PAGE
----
Early Brass Era Steering Column parts.

    FYI, The steel column appears to be a 1913, offset hole pattern and type of construction on the firewall base indicate so. It could actually be a latter half 1912. 1914 however, the firewall base was more like the later style construction. Note, this appears to be the sheet metal pressed over a casting base used from the beginning of Ts through '13. 1914 onward were heavier metal stampings and had dimples to strengthen them around the base. The quadrant for the spark and throttle levers would be appropriate also for '13. They were basically unchanged from '09 through'14. If you look it over carefully, see if it has the DB maker's mark on the brass quadrant. That would indicate the Dodge Brothers manufactured it, and add desirability. The gear case, on the other hand, is later. That style was first used early in calendar year 1915. Earliest '15s and before, used a riveted two-piece gear case. It appears to be in pretty good condition. $75 is a very fair price. If I were closer, even I might be interested. But I already have one extra, and do not need another.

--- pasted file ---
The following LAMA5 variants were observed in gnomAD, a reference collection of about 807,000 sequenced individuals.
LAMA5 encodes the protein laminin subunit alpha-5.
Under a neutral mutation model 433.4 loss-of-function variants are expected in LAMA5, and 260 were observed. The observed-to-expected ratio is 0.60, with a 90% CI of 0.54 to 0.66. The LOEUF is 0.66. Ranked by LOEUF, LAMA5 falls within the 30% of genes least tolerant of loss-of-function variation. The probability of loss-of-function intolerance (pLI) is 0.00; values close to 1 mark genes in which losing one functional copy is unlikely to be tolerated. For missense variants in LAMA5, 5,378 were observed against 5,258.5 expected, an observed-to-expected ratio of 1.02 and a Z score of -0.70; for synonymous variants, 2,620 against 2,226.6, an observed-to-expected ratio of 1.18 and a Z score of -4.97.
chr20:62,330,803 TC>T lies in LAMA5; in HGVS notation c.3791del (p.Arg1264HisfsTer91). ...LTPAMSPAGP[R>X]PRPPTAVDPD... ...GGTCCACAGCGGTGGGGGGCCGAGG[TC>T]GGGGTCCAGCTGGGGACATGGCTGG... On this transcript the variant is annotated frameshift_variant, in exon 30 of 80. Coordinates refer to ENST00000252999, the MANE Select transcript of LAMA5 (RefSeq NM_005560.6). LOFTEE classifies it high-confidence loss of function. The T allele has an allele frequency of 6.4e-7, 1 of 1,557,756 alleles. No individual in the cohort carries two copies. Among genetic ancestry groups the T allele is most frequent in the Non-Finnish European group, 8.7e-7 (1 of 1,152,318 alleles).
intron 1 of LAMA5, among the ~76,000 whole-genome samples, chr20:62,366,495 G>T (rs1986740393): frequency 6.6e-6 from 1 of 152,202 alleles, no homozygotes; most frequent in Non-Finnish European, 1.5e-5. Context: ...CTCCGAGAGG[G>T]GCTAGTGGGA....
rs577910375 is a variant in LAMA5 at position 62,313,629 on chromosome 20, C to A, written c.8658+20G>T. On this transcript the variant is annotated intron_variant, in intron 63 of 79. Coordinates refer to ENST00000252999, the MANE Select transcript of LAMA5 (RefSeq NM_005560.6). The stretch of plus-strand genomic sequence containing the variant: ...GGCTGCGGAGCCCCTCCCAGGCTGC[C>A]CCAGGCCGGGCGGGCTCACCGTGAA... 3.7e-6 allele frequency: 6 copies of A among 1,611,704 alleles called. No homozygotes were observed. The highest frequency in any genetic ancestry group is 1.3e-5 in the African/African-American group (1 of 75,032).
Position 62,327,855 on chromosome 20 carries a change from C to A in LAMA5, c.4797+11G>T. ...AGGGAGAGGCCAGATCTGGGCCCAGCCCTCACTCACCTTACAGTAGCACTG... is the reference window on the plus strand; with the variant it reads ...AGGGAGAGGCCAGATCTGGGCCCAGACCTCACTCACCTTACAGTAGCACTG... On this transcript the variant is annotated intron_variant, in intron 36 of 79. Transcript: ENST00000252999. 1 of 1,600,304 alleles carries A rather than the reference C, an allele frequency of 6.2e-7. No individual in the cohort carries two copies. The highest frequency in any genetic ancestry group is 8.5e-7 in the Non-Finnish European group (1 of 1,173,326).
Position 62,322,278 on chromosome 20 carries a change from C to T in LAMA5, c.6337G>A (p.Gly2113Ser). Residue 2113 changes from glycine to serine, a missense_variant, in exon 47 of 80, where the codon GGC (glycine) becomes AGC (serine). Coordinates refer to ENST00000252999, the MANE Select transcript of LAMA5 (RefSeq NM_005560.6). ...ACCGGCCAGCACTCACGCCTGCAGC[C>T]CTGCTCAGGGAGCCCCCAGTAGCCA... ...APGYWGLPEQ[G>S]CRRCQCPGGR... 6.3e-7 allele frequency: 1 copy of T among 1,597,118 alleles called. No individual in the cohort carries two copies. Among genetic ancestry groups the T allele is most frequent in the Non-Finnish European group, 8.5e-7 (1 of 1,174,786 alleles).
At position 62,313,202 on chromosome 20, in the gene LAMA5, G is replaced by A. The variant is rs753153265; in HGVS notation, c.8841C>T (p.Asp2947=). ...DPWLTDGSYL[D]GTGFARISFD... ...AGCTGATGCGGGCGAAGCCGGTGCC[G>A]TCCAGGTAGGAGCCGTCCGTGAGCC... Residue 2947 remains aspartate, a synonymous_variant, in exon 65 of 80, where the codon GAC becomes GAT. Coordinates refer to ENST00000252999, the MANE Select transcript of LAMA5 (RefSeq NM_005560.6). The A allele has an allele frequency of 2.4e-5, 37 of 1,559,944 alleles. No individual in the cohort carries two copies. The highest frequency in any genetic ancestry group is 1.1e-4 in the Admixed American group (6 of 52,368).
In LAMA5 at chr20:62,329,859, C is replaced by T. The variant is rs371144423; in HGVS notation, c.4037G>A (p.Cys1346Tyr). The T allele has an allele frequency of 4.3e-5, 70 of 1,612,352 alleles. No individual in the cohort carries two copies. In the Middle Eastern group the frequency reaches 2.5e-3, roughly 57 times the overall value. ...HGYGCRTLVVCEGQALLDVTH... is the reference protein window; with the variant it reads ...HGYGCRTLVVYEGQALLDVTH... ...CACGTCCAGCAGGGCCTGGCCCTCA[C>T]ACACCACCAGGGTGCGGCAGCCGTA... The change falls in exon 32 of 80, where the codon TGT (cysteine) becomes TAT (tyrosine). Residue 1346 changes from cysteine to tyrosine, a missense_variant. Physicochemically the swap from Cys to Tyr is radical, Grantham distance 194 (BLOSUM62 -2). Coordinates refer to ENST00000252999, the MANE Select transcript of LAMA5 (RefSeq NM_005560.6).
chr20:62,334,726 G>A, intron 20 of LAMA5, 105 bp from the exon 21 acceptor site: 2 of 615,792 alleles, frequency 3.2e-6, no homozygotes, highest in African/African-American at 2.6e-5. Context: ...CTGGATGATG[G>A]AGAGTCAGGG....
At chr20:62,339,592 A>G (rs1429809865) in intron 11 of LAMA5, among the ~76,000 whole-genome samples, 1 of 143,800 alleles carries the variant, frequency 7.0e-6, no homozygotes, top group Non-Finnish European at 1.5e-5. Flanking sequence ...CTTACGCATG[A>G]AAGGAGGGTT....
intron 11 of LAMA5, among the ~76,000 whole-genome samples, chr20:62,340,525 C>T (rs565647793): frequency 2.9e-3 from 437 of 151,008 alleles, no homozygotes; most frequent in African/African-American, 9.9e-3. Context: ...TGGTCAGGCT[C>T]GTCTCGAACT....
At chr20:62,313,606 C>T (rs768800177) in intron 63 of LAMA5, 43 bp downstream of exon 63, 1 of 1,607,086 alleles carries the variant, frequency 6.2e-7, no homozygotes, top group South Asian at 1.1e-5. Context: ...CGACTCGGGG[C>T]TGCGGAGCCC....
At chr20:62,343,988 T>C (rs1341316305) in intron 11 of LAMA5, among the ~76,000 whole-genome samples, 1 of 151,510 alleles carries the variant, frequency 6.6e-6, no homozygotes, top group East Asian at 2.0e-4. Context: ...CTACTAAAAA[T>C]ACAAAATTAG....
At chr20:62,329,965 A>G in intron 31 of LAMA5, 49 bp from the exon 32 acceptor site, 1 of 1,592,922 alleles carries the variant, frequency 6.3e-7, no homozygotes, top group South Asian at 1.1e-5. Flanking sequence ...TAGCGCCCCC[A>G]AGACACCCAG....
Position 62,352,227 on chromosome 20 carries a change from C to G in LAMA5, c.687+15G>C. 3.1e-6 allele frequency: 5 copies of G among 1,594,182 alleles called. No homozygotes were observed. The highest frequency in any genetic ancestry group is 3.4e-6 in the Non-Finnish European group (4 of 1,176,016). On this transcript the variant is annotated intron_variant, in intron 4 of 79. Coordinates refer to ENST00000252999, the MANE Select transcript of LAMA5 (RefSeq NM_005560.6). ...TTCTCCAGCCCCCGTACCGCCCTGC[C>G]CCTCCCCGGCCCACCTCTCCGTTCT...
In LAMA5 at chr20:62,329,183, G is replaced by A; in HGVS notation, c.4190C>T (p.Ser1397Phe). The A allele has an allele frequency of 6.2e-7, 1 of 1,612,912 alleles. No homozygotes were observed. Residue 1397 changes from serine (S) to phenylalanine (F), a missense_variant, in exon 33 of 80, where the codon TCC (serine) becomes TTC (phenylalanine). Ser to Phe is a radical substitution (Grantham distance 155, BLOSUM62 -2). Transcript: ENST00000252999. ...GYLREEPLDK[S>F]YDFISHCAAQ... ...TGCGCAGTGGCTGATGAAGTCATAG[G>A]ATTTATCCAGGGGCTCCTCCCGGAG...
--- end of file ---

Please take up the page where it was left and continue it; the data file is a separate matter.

5. wayne sheldon

    What does original mean?

    Having personally looked very closely at many thousands of original era photographs, and some of about any kind of car you can name, I can only estimate that about one car out of several hundred actually had a rear view mirror before about 1920. A popular accessory in the early days, they were not. I do have an original brass side mirror (steel bracket). It will hopefully go onto my '15 runabout, and be the only apparent after-market accessory on that car.
  6. wayne sheldon

    Base Coat / Clear Coat